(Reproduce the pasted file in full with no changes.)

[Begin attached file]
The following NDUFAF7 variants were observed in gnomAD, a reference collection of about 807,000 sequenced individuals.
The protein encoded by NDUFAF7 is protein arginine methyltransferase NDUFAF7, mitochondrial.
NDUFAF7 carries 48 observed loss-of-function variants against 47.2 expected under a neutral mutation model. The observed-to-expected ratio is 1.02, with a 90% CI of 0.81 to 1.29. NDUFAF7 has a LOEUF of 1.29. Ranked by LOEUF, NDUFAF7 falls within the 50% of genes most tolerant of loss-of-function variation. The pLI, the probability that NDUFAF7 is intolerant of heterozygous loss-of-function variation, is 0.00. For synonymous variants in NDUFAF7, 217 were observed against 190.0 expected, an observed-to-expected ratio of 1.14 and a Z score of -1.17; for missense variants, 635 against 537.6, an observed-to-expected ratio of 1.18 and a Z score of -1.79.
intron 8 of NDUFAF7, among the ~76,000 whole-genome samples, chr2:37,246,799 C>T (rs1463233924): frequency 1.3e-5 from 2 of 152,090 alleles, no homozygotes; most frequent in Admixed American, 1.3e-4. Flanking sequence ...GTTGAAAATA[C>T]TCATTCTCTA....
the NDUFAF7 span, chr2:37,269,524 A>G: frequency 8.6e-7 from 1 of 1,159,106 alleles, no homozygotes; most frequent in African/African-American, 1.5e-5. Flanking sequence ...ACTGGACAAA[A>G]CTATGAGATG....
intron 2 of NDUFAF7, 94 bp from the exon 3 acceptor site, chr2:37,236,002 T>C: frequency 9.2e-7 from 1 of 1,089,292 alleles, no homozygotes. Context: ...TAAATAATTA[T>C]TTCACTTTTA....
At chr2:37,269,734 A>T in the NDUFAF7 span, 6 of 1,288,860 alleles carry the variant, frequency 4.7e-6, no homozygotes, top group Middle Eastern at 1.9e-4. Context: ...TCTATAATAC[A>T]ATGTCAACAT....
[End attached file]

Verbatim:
The following NDUFAF7 variants were observed in gnomAD, a reference collection of about 807,000 sequenced individuals.
The protein encoded by NDUFAF7 is protein arginine methyltransferase NDUFAF7, mitochondrial.
NDUFAF7 carries 48 observed loss-of-function variants against 47.2 expected under a neutral mutation model. The observed-to-expected ratio is 1.02, with a 90% CI of 0.81 to 1.29. NDUFAF7 has a LOEUF of 1.29. Ranked by LOEUF, NDUFAF7 falls within the 50% of genes most tolerant of loss-of-function variation. The pLI, the probability that NDUFAF7 is intolerant of heterozygous loss-of-function variation, is 0.00. For synonymous variants in NDUFAF7, 217 were observed against 190.0 expected, an observed-to-expected ratio of 1.14 and a Z score of -1.17; for missense variants, 635 against 537.6, an observed-to-expected ratio of 1.18 and a Z score of -1.79.
intron 8 of NDUFAF7, among the ~76,000 whole-genome samples, chr2:37,246,799 C>T (rs1463233924): frequency 1.3e-5 from 2 of 152,090 alleles, no homozygotes; most frequent in Admixed American, 1.3e-4. Flanking sequence ...GTTGAAAATA[C>T]TCATTCTCTA....
the NDUFAF7 span, chr2:37,269,524 A>G: frequency 8.6e-7 from 1 of 1,159,106 alleles, no homozygotes; most frequent in African/African-American, 1.5e-5. Flanking sequence ...ACTGGACAAA[A>G]CTATGAGATG....
intron 2 of NDUFAF7, 94 bp from the exon 3 acceptor site, chr2:37,236,002 T>C: frequency 9.2e-7 from 1 of 1,089,292 alleles, no homozygotes. Context: ...TAAATAATTA[T>C]TTCACTTTTA....
At chr2:37,269,734 A>T in the NDUFAF7 span, 6 of 1,288,860 alleles carry the variant, frequency 4.7e-6, no homozygotes, top group Middle Eastern at 1.9e-4. Context: ...TCTATAATAC[A>T]ATGTCAACAT....